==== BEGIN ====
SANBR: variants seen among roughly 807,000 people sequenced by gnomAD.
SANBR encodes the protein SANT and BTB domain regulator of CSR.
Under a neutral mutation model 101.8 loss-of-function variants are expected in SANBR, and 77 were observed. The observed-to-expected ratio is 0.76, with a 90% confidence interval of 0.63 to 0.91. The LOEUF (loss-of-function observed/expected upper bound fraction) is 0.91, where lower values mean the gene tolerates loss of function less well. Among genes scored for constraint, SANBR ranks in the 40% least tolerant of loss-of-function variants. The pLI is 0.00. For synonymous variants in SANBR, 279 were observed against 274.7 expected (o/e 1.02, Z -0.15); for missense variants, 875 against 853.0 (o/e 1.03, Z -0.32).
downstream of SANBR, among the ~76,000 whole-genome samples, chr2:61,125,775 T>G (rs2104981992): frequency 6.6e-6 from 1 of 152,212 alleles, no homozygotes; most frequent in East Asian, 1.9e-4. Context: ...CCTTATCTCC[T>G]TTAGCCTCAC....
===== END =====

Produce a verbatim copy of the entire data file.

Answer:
SANBR: variants seen among roughly 807,000 people sequenced by gnomAD.
SANBR encodes the protein SANT and BTB domain regulator of CSR.
Under a neutral mutation model 101.8 loss-of-function variants are expected in SANBR, and 77 were observed. The observed-to-expected ratio is 0.76, with a 90% confidence interval of 0.63 to 0.91. The LOEUF (loss-of-function observed/expected upper bound fraction) is 0.91, where lower values mean the gene tolerates loss of function less well. Among genes scored for constraint, SANBR ranks in the 40% least tolerant of loss-of-function variants. The pLI is 0.00. For synonymous variants in SANBR, 279 were observed against 274.7 expected (o/e 1.02, Z -0.15); for missense variants, 875 against 853.0 (o/e 1.03, Z -0.32).
downstream of SANBR, among the ~76,000 whole-genome samples, chr2:61,125,775 T>G (rs2104981992): frequency 6.6e-6 from 1 of 152,212 alleles, no homozygotes; most frequent in East Asian, 1.9e-4. Context: ...CCTTATCTCC[T>G]TTAGCCTCAC....